FW: MX 15.27
I am testing the "Direct Internet Access with MPLS failover" use case described under this Meraki doco.
Questions from my test:
Other question: I can't terminate MPLS/EBGP on MX because EBGP is on BETA and only supported on concentrator mode right?
I don't know the answers for sure.
>Both WAN 1 and 2 must have internet access for this to work?
My expectation is yes. If it can not get to the Internet it will consider the path to be failed.
>What if my MPLS link does not have internet access?
Then that path would be considered permanently failed and unused.
You are probably better off considering a design more like this (just ignore the AutoVPN failover part):
Here the MPLS connects via a VLAN interface on the MX instead of a WAN interface. The MPLS network does not require Internet access in this case.
About "MPLS failover to Meraki auto VPN" solution, at first sight looks great but when you go deep on it you realize that the solution is very limited. The problem is that option "Active as long as a device on the other side responds to ping" is limited to a host / interface directly reachable by the MX (same segment).
Above image has been taken from the Meraki document. Here, the MX on the left is able to check MPLS availability by pinging the interface 192.168.128.249 (cannot do it against 192.168.129.249). The problem here is that interface 192.168.128.249 can remain up even if the link is down, in which case will never choose the second route over the VPN.
Quote form the doc:
The next hop IP cannot be out the internet interface or over another static route.
Am I missing something?
You should be able to get it to work. I think below is the way to do it (although I haven't tried it), its not exactly as per the document, but hopefully should achieve the outcome you require.
The theory is this: the 'always' static route ensures that the ping to test if the host is alive is always sent via the MPLS network. If that ping test fails then the 10.0.0.0/24 route will be removed, and traffic sent via the AutoVPN. However, when the AutoVPN is being used the 'left' side pings to the 192.168.129.1 will still be sent to the MPLS (even if it is a black-hole) and never via the AutoVPN since the 'left' side doesn't know that 192.168.129.0/24 is accessible via the AutoVPN.
I think that should get you working.
Forget that - the testing against a remote host doesn't work that way; the host has to be in the subnet specified in the static route (which won't work). Looks like you have to test against the next hop, which means you're only testing for a failure of the local link, not the path all the way through to the other side.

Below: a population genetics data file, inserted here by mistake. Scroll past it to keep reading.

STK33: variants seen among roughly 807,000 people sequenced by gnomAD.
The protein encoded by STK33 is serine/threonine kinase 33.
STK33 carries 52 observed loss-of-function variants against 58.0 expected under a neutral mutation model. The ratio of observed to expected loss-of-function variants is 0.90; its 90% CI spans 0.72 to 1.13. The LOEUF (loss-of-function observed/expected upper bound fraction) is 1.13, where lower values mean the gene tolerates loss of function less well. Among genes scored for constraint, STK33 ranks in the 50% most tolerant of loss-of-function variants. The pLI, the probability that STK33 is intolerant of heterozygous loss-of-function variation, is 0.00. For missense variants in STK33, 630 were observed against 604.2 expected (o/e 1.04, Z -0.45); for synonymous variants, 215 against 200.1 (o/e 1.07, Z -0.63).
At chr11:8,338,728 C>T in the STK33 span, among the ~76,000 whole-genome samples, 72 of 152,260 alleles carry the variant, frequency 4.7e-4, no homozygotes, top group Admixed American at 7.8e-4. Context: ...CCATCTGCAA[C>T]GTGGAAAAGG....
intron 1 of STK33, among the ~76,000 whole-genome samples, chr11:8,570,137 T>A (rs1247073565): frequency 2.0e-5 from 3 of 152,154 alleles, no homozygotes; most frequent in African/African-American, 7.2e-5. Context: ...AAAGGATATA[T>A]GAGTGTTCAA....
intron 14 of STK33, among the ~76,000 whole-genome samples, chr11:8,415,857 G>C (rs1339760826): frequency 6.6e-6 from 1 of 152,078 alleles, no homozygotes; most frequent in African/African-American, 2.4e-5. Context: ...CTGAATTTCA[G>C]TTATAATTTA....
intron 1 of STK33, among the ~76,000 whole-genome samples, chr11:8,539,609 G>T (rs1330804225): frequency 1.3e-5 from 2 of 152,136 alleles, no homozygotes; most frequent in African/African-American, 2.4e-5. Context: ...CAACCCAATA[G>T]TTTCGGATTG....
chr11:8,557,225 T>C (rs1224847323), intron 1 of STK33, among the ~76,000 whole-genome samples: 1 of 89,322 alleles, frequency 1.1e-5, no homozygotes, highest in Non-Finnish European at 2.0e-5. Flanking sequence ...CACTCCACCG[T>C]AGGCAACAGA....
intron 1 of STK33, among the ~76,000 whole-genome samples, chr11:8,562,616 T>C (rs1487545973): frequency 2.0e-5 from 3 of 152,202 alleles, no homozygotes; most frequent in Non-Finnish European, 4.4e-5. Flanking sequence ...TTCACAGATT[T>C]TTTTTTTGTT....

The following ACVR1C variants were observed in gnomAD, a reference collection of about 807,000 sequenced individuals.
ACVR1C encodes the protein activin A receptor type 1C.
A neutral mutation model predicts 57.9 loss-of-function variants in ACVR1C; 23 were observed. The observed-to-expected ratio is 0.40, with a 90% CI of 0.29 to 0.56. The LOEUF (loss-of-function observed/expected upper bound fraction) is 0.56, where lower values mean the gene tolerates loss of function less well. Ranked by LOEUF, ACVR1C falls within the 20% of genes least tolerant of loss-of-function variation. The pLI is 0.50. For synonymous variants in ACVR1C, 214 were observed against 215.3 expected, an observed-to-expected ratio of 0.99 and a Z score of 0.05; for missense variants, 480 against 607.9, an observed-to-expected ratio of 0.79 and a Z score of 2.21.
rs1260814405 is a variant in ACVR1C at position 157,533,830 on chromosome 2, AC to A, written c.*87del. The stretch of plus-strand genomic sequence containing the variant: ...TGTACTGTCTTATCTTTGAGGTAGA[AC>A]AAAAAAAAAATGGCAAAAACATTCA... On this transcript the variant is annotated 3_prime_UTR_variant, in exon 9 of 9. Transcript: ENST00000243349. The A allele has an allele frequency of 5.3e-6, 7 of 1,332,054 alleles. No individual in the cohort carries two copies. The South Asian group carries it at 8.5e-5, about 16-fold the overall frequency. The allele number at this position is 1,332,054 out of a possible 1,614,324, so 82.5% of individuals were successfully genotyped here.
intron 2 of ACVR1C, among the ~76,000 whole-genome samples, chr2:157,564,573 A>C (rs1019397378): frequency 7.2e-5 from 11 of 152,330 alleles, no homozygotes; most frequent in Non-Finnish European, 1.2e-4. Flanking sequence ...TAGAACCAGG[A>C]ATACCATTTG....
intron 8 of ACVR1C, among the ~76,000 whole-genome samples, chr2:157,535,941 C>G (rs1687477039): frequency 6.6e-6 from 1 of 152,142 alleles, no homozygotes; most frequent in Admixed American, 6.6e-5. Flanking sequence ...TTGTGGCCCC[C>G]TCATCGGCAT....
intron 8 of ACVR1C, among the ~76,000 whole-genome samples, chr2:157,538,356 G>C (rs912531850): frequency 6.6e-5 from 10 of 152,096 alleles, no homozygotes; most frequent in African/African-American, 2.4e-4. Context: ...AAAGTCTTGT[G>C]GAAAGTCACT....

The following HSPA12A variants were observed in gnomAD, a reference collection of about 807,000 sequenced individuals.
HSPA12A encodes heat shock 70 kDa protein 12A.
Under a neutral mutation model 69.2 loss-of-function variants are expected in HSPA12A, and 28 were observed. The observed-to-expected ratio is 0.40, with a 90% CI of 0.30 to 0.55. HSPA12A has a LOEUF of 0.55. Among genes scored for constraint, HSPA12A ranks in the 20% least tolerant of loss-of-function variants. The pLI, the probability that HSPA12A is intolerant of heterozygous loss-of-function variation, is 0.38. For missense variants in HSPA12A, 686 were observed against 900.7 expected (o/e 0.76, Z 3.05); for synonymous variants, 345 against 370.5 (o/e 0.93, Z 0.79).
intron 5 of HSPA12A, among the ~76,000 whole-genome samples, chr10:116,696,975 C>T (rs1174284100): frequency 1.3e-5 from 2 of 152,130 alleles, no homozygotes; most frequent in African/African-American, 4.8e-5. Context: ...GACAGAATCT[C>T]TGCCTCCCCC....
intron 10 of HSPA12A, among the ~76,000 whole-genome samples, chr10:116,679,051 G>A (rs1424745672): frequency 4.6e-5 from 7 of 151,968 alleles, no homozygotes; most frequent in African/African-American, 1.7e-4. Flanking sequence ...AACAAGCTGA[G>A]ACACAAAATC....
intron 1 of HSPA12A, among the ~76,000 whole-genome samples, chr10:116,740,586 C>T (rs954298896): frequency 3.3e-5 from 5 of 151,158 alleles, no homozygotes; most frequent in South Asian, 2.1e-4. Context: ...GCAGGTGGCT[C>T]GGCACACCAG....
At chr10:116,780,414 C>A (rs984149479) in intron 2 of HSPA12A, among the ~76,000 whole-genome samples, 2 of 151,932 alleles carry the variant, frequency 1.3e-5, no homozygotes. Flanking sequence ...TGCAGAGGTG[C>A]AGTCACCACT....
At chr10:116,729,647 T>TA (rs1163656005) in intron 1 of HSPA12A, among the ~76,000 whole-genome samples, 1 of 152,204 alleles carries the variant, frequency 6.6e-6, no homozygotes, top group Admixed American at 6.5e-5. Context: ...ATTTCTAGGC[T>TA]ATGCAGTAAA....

The alternative would be to turn this into a SD-WAN solution, but in that scenario you'd either need internet access from your MPLS cloud, or to configure one end as a VPN concentrator - which means another firewall (potentially MX) required.
Thanks @Bruce .About "The alternative would be to turn this into a SD-WAN solution, but in that scenario you'd either need internet access from your MPLS cloud, or to configure one end as a VPN concentrator - which means another firewall (potentially MX) required.", that is something we do pretty often and works. There is another reason (not part of this threat) why this option is the one we need.
Any way, we finally made it work and it goes like this. For the redundant route, instead of selecting the option "While next hop respond to ping" you have to select "while host respond to ping". This host can be on the other side as long as the IP of the host (192.168.0.1) it is included in the subnet (192.168.0.0/24 )that you want to reach.
Good to hear that you use the SD-WAN method for sites where it’s applicable. With this site have you fully tested it and did it work?
I’m surprised that using a host in the destination subnet works as when the AutoVPN route takes over that host would become accessible again, and so you’d expect the route would become active and start black-holing traffic, then it would drop again, and you’d get a route flap.
If it is working, all I can assume is that the source used for the routing ‘ping’ can’t be routed into the VPN... that would be what is ‘solving the problem’ (although isn’t intuitive).
We just tested it on a lab that we created for this purpose (2 MX's and 2 routers to simulate the MPLS) but the plan is to move to production this week.
What is important to have clear is :
1.- The MPLS has to be on the LAN of the MX.
2.- To have an SDWAN tunnel up (not ordinary VPN's) using a WAN port.
3.- To understand the purpose of each route of your table, the priority of each route and to be clear what happens when one of your routes overlap another one (the redundant one). If you are not clear about the purpose of each of your routes and how they behave in every scenario, then it could not work as it should.